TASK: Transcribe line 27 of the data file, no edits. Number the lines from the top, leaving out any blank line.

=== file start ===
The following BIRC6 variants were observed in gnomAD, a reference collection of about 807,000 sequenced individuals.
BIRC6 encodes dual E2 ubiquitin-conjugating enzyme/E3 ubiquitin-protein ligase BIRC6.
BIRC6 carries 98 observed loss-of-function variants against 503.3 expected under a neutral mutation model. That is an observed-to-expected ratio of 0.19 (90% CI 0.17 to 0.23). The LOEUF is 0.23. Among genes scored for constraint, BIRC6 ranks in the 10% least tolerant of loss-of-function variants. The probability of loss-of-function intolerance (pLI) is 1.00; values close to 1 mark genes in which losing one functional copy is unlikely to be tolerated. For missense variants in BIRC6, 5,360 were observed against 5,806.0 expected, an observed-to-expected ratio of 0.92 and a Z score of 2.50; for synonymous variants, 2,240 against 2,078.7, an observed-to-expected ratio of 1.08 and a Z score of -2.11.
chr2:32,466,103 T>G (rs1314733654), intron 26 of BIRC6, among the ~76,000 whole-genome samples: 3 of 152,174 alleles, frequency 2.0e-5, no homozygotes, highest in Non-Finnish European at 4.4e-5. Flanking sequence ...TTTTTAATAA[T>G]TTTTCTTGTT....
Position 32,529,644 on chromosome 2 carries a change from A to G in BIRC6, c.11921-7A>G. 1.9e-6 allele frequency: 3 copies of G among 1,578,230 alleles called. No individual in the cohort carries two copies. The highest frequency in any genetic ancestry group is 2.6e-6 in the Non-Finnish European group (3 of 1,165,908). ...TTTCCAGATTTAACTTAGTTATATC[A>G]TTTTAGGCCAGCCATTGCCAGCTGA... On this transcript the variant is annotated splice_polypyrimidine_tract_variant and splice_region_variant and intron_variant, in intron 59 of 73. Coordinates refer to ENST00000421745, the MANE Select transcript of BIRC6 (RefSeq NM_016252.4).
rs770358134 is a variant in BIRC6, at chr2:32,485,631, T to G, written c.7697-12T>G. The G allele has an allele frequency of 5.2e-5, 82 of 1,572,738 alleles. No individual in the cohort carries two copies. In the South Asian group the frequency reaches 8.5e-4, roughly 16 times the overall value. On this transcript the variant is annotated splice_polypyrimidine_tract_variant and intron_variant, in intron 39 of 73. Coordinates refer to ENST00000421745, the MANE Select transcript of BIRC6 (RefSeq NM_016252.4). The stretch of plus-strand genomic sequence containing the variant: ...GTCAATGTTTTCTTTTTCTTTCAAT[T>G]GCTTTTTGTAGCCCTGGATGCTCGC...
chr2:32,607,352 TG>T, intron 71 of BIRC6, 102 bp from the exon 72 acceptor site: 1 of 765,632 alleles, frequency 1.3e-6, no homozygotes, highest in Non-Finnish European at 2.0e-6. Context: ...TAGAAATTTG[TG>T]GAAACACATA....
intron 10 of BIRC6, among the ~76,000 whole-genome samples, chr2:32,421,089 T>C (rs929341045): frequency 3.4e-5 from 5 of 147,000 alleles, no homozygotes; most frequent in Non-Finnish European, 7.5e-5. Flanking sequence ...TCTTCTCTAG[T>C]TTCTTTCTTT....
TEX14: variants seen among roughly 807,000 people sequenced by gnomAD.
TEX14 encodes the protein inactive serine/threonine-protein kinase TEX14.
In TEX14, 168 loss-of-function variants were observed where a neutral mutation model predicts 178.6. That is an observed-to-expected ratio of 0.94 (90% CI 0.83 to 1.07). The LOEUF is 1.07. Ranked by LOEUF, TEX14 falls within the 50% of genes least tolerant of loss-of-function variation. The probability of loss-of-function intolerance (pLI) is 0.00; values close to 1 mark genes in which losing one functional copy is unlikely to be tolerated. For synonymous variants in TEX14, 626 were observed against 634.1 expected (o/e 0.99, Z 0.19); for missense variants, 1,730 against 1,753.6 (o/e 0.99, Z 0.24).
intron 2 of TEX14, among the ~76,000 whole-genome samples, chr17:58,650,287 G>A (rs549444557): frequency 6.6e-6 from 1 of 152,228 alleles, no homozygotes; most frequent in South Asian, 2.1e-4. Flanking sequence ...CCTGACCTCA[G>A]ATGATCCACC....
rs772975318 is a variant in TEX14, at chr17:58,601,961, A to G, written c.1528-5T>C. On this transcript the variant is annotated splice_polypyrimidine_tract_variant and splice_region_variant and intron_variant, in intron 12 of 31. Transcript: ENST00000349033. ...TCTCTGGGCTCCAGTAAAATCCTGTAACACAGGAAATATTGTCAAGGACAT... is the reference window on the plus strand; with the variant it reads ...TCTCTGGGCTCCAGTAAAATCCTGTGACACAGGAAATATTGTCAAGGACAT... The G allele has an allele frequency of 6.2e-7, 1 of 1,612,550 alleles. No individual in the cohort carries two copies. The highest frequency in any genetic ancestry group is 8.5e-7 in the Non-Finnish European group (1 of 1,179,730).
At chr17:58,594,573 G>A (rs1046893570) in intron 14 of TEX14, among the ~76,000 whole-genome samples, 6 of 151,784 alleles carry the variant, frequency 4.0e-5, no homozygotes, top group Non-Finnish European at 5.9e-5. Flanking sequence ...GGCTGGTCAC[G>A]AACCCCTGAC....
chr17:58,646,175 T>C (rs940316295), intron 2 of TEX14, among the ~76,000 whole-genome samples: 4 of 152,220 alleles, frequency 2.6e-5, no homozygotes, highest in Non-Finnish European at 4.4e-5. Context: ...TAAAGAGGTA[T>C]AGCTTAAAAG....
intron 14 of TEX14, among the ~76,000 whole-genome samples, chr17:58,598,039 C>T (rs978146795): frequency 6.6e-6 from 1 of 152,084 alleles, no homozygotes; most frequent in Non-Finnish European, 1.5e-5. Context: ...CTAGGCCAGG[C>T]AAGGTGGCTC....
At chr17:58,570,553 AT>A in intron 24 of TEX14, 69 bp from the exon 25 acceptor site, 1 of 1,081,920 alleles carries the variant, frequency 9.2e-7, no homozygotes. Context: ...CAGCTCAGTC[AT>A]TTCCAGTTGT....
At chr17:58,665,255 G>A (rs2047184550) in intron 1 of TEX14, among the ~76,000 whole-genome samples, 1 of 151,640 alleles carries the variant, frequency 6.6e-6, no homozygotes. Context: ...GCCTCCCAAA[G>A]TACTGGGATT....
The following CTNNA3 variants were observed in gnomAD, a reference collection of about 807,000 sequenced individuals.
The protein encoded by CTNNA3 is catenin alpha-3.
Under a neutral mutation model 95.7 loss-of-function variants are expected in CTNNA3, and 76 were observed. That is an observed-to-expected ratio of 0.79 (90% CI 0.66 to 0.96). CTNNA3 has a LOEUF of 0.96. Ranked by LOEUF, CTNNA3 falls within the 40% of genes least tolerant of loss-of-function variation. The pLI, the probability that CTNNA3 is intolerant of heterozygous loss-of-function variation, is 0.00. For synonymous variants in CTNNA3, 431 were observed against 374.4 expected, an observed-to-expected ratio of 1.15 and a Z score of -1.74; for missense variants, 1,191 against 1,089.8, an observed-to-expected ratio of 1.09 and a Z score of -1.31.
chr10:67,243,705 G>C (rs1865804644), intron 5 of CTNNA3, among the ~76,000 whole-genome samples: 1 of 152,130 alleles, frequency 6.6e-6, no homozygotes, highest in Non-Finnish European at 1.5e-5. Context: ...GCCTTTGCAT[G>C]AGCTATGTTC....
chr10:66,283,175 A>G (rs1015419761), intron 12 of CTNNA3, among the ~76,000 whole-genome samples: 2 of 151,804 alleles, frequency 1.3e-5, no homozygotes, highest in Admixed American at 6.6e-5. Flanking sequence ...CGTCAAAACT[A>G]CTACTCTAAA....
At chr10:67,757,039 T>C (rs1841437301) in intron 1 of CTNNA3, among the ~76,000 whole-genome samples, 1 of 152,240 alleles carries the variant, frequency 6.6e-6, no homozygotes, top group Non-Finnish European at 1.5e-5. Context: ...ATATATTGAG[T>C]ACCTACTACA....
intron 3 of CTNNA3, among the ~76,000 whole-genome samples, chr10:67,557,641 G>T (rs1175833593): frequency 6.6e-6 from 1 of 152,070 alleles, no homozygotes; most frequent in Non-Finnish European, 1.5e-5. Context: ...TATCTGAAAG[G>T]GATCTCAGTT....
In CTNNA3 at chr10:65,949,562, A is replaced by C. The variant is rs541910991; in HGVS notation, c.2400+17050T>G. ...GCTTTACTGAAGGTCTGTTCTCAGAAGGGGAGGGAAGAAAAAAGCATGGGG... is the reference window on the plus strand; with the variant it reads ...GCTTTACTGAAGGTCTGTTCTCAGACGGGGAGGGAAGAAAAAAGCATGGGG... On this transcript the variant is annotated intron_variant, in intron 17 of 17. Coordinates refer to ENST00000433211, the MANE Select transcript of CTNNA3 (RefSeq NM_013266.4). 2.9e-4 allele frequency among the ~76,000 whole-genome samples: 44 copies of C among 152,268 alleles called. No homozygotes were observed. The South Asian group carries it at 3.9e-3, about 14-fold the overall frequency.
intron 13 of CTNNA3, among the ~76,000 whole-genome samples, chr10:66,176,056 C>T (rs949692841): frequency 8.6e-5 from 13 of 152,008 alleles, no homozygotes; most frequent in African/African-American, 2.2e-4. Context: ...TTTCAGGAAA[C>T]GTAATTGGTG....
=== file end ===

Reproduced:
intron 13 of CTNNA3, among the ~76,000 whole-genome samples, chr10:66,176,056 C>T (rs949692841): frequency 8.6e-5 from 13 of 152,008 alleles, no homozygotes; most frequent in African/African-American, 2.2e-4. Context: ...TTTCAGGAAA[C>T]GTAATTGGTG....